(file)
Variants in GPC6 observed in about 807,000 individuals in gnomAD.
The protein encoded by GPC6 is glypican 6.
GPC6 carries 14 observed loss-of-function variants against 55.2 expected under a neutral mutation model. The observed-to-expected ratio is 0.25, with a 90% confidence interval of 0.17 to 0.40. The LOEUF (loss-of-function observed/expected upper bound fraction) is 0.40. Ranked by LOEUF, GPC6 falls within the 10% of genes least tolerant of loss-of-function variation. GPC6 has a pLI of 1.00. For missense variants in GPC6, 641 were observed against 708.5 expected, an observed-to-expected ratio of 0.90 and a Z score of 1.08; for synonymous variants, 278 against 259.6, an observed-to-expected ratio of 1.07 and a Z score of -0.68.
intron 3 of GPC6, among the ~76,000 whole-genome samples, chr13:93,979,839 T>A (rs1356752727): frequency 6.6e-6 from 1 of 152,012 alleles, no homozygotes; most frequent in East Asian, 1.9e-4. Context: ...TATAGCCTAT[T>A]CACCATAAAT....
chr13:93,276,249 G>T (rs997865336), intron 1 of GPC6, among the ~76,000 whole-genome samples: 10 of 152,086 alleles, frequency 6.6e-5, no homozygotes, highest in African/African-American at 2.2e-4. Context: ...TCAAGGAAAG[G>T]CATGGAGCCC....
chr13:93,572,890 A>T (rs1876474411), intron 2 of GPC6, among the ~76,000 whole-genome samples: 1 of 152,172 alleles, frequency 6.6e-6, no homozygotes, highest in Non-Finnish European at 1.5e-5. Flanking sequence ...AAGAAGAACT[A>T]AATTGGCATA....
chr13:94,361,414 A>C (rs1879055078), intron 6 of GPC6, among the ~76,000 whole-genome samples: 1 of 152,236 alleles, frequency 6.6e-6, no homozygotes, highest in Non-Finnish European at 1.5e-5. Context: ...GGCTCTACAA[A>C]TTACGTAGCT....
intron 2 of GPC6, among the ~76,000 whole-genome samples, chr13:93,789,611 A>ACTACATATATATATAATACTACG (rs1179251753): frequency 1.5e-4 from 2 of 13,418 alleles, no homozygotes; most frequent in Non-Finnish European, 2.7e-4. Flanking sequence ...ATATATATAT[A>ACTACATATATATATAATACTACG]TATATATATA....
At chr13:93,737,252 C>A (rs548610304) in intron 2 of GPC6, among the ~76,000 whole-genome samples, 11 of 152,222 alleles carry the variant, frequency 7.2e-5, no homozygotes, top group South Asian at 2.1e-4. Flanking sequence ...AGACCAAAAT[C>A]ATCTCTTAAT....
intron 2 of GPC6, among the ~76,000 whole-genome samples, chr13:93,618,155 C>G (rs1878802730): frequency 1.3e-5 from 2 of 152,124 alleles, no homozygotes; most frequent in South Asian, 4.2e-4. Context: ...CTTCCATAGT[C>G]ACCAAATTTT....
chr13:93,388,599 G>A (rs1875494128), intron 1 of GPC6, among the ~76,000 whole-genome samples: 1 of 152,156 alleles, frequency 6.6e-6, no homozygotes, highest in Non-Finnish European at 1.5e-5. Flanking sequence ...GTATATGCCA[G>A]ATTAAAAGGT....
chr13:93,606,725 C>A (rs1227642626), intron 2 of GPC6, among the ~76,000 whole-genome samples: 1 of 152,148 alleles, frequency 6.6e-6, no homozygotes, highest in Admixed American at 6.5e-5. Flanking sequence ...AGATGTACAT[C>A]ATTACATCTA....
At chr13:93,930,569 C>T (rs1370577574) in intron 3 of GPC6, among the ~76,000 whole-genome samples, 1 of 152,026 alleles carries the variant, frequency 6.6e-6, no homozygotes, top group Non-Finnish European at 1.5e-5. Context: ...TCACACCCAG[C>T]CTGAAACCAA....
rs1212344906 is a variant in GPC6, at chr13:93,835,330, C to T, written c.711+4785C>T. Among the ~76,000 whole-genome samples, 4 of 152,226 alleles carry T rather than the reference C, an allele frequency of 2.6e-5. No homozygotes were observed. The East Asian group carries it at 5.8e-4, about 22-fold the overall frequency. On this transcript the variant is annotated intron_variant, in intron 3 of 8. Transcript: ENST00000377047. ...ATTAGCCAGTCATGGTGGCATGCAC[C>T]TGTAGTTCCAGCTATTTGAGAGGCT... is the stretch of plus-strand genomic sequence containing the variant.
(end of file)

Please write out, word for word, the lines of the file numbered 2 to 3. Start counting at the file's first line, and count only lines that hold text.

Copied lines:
The protein encoded by GPC6 is glypican 6.
GPC6 carries 14 observed loss-of-function variants against 55.2 expected under a neutral mutation model. The observed-to-expected ratio is 0.25, with a 90% confidence interval of 0.17 to 0.40. The LOEUF (loss-of-function observed/expected upper bound fraction) is 0.40. Ranked by LOEUF, GPC6 falls within the 10% of genes least tolerant of loss-of-function variation. GPC6 has a pLI of 1.00. For missense variants in GPC6, 641 were observed against 708.5 expected, an observed-to-expected ratio of 0.90 and a Z score of 1.08; for synonymous variants, 278 against 259.6, an observed-to-expected ratio of 1.07 and a Z score of -0.68.